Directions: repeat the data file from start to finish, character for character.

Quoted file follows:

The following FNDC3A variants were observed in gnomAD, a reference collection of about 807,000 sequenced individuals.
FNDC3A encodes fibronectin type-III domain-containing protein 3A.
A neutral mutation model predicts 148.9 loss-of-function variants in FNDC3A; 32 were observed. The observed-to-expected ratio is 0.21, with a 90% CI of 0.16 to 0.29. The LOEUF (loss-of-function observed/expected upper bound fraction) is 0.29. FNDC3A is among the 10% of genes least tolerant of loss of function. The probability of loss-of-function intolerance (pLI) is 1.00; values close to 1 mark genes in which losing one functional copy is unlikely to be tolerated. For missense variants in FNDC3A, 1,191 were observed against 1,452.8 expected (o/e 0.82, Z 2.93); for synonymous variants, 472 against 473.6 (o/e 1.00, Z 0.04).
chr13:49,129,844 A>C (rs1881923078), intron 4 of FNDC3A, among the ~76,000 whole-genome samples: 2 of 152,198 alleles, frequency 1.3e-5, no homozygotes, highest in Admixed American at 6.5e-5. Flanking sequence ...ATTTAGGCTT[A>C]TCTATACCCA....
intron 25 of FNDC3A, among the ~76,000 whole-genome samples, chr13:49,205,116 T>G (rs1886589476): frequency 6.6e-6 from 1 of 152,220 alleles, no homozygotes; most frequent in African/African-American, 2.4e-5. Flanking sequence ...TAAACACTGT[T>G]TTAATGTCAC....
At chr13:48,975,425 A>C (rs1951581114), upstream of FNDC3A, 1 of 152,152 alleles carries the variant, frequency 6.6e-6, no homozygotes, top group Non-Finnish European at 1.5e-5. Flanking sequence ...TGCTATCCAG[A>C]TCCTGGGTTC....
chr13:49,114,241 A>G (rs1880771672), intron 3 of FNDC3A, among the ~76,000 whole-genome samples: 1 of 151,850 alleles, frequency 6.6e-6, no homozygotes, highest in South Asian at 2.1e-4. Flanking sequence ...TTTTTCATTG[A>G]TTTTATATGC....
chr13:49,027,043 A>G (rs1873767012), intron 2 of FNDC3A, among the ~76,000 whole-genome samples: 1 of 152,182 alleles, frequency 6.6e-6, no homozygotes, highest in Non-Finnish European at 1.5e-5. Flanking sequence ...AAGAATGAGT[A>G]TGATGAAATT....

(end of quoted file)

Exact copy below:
The following FNDC3A variants were observed in gnomAD, a reference collection of about 807,000 sequenced individuals.
FNDC3A encodes fibronectin type-III domain-containing protein 3A.
A neutral mutation model predicts 148.9 loss-of-function variants in FNDC3A; 32 were observed. The observed-to-expected ratio is 0.21, with a 90% CI of 0.16 to 0.29. The LOEUF (loss-of-function observed/expected upper bound fraction) is 0.29. FNDC3A is among the 10% of genes least tolerant of loss of function. The probability of loss-of-function intolerance (pLI) is 1.00; values close to 1 mark genes in which losing one functional copy is unlikely to be tolerated. For missense variants in FNDC3A, 1,191 were observed against 1,452.8 expected (o/e 0.82, Z 2.93); for synonymous variants, 472 against 473.6 (o/e 1.00, Z 0.04).
chr13:49,129,844 A>C (rs1881923078), intron 4 of FNDC3A, among the ~76,000 whole-genome samples: 2 of 152,198 alleles, frequency 1.3e-5, no homozygotes, highest in Admixed American at 6.5e-5. Flanking sequence ...ATTTAGGCTT[A>C]TCTATACCCA....
intron 25 of FNDC3A, among the ~76,000 whole-genome samples, chr13:49,205,116 T>G (rs1886589476): frequency 6.6e-6 from 1 of 152,220 alleles, no homozygotes; most frequent in African/African-American, 2.4e-5. Flanking sequence ...TAAACACTGT[T>G]TTAATGTCAC....
At chr13:48,975,425 A>C (rs1951581114), upstream of FNDC3A, 1 of 152,152 alleles carries the variant, frequency 6.6e-6, no homozygotes, top group Non-Finnish European at 1.5e-5. Flanking sequence ...TGCTATCCAG[A>C]TCCTGGGTTC....
chr13:49,114,241 A>G (rs1880771672), intron 3 of FNDC3A, among the ~76,000 whole-genome samples: 1 of 151,850 alleles, frequency 6.6e-6, no homozygotes, highest in South Asian at 2.1e-4. Flanking sequence ...TTTTTCATTG[A>G]TTTTATATGC....
chr13:49,027,043 A>G (rs1873767012), intron 2 of FNDC3A, among the ~76,000 whole-genome samples: 1 of 152,182 alleles, frequency 6.6e-6, no homozygotes, highest in Non-Finnish European at 1.5e-5. Flanking sequence ...AAGAATGAGT[A>G]TGATGAAATT....